Recently, the brilliant Neurodivergent K published a blog post about hate, and about how autism “awareness” that abounds this time of year is just a cloak for bigotry. It’s a solid piece of writing that pulls no punches, and make no mistake, I agree with them – there is a solid chunk of the allistic populace that hates us. Yes, yes, #notallNTs, but enough. They may not hate all autistic people, but they hate us – the mouthy ones, the “high functioning,” the ones who preach acceptance and break it to parents that we will not call them allies or give them good-parent cookies solely because they bought some blue light bulbs and give money to a charity that actively calls for our neurotype’s eradication.
NB. I apologize for the delay in this post’s publication. Real life interjected for me in the form of family illnesses.
In my last post on this matter, I had one question remaining in the list of issues that had to be addressed in the imprisonment of Sharisa Joy Kochmeister (because, frankly, it is imprisonment): What causes of action might one bring against county and/or state officials, if any?
This question deserved its own post, because it is a long and complex question. The very short answer, I believe, is that there are indeed actions that lie against Jefferson County and/or her officials if brought by Jan Kochmeister, but not if brought by Sharisa Kochmeister. There may not be any actions that lie against the State of Colorado. All this will be explained, but fair warning, it’s long and complex in itself. I’m sorry to be so wordy, but there are so many factors that have to be taken into account when one gets into nitty-gritty law like this, that leaving anything out seemed slipshod.
A couple of clarifications I feel I have to make here:
- This post is not intended to be legal advice, nor is it intended to create any kind of attorney-client relationship with any reader. If you are in need of legal representation, please contact a competent attorney licensed in your jurisdiction.
- Just because I’m explaining what the law seems to be here doesn’t mean I agree with it. I am trying to explain how it would likely look to a judge, not how it looks in my eyes. So please don’t waste your time and mine commenting on how mean I am. (Yes, I’ve received such comments. Reading comprehension fail much?)
Okay. To the relevant bits.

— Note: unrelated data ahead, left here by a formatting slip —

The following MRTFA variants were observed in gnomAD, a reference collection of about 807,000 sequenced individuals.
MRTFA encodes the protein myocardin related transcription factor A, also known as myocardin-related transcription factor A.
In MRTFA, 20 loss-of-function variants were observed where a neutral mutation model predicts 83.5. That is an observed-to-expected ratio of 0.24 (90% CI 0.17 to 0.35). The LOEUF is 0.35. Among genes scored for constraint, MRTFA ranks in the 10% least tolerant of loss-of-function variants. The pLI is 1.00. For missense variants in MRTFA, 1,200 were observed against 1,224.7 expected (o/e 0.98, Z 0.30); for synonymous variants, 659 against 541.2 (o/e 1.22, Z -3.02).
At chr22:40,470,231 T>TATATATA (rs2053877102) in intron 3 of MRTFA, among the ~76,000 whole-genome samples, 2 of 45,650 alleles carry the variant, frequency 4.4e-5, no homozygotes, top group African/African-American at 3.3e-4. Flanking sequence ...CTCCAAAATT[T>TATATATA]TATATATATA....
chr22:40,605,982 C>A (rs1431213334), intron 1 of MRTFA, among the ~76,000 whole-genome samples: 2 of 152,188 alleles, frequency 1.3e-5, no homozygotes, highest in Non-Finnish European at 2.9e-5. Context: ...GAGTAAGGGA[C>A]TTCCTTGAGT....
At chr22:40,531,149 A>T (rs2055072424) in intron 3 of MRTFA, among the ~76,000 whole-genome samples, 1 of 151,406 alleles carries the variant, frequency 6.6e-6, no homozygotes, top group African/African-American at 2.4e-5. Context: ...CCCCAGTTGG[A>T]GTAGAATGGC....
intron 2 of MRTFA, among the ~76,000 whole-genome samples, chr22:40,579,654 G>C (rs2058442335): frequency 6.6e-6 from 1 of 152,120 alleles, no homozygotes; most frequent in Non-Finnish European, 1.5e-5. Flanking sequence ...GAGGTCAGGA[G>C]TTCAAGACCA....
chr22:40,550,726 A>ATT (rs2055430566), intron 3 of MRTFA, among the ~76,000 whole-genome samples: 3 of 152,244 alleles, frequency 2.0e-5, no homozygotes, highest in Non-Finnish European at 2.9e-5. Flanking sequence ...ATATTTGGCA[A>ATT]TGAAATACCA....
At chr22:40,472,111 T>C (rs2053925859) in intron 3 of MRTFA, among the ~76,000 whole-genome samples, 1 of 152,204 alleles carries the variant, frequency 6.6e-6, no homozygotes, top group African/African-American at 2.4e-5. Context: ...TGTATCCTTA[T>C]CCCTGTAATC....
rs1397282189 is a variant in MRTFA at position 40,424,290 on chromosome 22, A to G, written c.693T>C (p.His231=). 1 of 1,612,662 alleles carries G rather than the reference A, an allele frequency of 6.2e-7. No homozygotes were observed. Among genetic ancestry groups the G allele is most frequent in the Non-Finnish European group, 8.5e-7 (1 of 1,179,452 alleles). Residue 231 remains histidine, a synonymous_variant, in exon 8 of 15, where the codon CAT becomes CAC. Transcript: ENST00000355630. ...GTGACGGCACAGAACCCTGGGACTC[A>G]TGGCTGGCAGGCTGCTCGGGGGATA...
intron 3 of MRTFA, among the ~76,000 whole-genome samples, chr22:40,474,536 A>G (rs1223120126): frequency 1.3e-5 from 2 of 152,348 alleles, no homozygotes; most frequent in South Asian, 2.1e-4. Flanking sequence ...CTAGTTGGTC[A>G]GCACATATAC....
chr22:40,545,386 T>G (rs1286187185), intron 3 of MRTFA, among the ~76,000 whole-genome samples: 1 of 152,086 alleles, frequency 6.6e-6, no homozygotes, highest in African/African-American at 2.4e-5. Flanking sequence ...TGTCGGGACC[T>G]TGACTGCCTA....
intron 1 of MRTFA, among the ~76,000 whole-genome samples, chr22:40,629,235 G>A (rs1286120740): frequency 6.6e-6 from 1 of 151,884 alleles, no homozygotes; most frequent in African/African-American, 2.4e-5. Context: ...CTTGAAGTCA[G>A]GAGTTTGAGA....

NB. This is the version of events I have been given as of this writing. If things later prove to have occurred in a materially different way, I will edit this post.
Sharisa Joy Kochmeister is a 36-year old nonverbal autistic activist who uses keyboards to communicate. She is also epileptic and has cerebral palsy (I am unaware of her language preferences; if she prefers different terminology, please let me know and I will fix it). She is a college graduate and has served on several boards, including that of the Colorado Developmental Disabilities Council. She led an active life (until recently), with many friends and a caring guardian in her father. She is a person, with needs and wants and opinions.
In March, she was hospitalized. At one point, she became ill, and her father helped to clear her airway. She, for whatever reason, kicked him, and he pushed her. I have never met Sharisa or her father, but I do know that in moments of extreme stress (such as being in hospital and either being sick or experiencing a loved one being sick) it is very easy to react emotionally, instead of with cold logic. I have never seen any allegations or proof that anything untoward was occurring in their relationship – but more importantly, no one I know who is closer to the family has, either.
Someone at the hospital called the police. Then Jefferson County Human Services.
NB. I wasn’t going to post this on my blog – I was going to maybe try and post it somewhere in an internet magazine, or even see if I could get paid for putting this up. It’s a bit off topic from my usual autism-centric fare. But after today, I said ‘fuck it’. I want this up somewhere where people can read it, especially since I know so many on the spectrum of neurodiversity – not just autism – that deal with chronic pain. And if I’m honest, I need to let all the sorrow in my heart flow out somewhere. So bear with me.
If Newton’s Third Law is true, it means that for every action, there is an equal and opposite reaction. That means somewhere on this planet, or on a flip-flopped Earth somewhere in the multiverse, there is a hospital where the watchword of the staff is dignity. Crazy, isn’t it?
I was going to try and be really highfalutin’ with this post. I was going to ask my roommate the English major about Lacanian theory and semiotics, and explain that. Then I’d make some allusion to the fact that we all perceive words differently, and it can sometimes mess up discourse on a fundamental level. Then I would tie it back to the fact that the word ‘disability’ is routinely interpreted as something hugely dire by the non-disabled, and explain that ‘disability’ is in fact a social construct. Then, to close, I’d make some quasi-profound point about how we could all do a bit better at understanding that we all have different perceptions.
But today is the Disability Day of Mourning, and I’m not going to do that.
NB. Any anti-choice, hateful comments will be deleted, so don’t bother trying.
Since I have been unable to find work as an attorney due to a variety of reasons, most of them monetary, I have been working as a blogger for a company that provides content to law firms. It’s good work, for a good boss. The law is what I love (well, next to macaroni and cheese), and what I’ve devoted my life to, and since I consider myself a writer by inclination, it suits me fine. I generally have no complaints.